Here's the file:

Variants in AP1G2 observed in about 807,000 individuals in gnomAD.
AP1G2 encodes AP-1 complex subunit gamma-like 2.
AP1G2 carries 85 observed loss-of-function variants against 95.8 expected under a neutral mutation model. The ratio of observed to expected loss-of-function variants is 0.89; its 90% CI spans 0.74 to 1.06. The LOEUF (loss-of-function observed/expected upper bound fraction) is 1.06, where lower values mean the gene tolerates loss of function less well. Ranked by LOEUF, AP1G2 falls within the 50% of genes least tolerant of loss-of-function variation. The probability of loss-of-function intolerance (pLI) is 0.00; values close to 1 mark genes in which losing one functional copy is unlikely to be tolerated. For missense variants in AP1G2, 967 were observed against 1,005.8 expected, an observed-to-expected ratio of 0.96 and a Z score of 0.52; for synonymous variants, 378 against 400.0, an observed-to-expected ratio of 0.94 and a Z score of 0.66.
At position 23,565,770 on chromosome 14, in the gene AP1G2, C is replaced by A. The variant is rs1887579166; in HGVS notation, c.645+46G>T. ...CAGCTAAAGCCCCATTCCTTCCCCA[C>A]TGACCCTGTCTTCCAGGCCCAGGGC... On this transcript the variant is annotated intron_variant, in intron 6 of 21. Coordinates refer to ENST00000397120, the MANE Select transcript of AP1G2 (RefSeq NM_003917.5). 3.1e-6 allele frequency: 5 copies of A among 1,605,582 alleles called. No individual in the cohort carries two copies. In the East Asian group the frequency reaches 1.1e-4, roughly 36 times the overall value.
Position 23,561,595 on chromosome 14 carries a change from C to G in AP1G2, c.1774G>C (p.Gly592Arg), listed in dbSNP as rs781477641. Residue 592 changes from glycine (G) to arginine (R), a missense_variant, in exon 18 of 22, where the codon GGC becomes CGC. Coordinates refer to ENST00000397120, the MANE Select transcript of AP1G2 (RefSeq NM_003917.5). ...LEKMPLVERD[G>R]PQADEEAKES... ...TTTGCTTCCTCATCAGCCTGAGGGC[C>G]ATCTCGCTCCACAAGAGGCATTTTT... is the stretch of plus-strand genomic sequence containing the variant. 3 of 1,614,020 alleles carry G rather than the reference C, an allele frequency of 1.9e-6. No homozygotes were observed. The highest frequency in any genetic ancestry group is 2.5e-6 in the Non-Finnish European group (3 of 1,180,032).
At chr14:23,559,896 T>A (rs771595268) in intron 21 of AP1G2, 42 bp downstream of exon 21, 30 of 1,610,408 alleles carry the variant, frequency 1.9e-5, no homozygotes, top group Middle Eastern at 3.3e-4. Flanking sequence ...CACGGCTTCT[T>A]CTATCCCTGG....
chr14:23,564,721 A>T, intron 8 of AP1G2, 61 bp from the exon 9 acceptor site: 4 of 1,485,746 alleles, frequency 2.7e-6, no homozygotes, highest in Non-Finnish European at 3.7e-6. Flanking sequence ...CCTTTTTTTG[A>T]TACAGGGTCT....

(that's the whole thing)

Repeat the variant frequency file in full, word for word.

Variants in AP1G2 observed in about 807,000 individuals in gnomAD.
AP1G2 encodes AP-1 complex subunit gamma-like 2.
AP1G2 carries 85 observed loss-of-function variants against 95.8 expected under a neutral mutation model. The ratio of observed to expected loss-of-function variants is 0.89; its 90% CI spans 0.74 to 1.06. The LOEUF (loss-of-function observed/expected upper bound fraction) is 1.06, where lower values mean the gene tolerates loss of function less well. Ranked by LOEUF, AP1G2 falls within the 50% of genes least tolerant of loss-of-function variation. The probability of loss-of-function intolerance (pLI) is 0.00; values close to 1 mark genes in which losing one functional copy is unlikely to be tolerated. For missense variants in AP1G2, 967 were observed against 1,005.8 expected, an observed-to-expected ratio of 0.96 and a Z score of 0.52; for synonymous variants, 378 against 400.0, an observed-to-expected ratio of 0.94 and a Z score of 0.66.
At position 23,565,770 on chromosome 14, in the gene AP1G2, C is replaced by A. The variant is rs1887579166; in HGVS notation, c.645+46G>T. ...CAGCTAAAGCCCCATTCCTTCCCCA[C>A]TGACCCTGTCTTCCAGGCCCAGGGC... On this transcript the variant is annotated intron_variant, in intron 6 of 21. Coordinates refer to ENST00000397120, the MANE Select transcript of AP1G2 (RefSeq NM_003917.5). 3.1e-6 allele frequency: 5 copies of A among 1,605,582 alleles called. No individual in the cohort carries two copies. In the East Asian group the frequency reaches 1.1e-4, roughly 36 times the overall value.
Position 23,561,595 on chromosome 14 carries a change from C to G in AP1G2, c.1774G>C (p.Gly592Arg), listed in dbSNP as rs781477641. Residue 592 changes from glycine (G) to arginine (R), a missense_variant, in exon 18 of 22, where the codon GGC becomes CGC. Coordinates refer to ENST00000397120, the MANE Select transcript of AP1G2 (RefSeq NM_003917.5). ...LEKMPLVERD[G>R]PQADEEAKES... ...TTTGCTTCCTCATCAGCCTGAGGGC[C>G]ATCTCGCTCCACAAGAGGCATTTTT... is the stretch of plus-strand genomic sequence containing the variant. 3 of 1,614,020 alleles carry G rather than the reference C, an allele frequency of 1.9e-6. No homozygotes were observed. The highest frequency in any genetic ancestry group is 2.5e-6 in the Non-Finnish European group (3 of 1,180,032).
At chr14:23,559,896 T>A (rs771595268) in intron 21 of AP1G2, 42 bp downstream of exon 21, 30 of 1,610,408 alleles carry the variant, frequency 1.9e-5, no homozygotes, top group Middle Eastern at 3.3e-4. Flanking sequence ...CACGGCTTCT[T>A]CTATCCCTGG....
chr14:23,564,721 A>T, intron 8 of AP1G2, 61 bp from the exon 9 acceptor site: 4 of 1,485,746 alleles, frequency 2.7e-6, no homozygotes, highest in Non-Finnish European at 3.7e-6. Flanking sequence ...CCTTTTTTTG[A>T]TACAGGGTCT....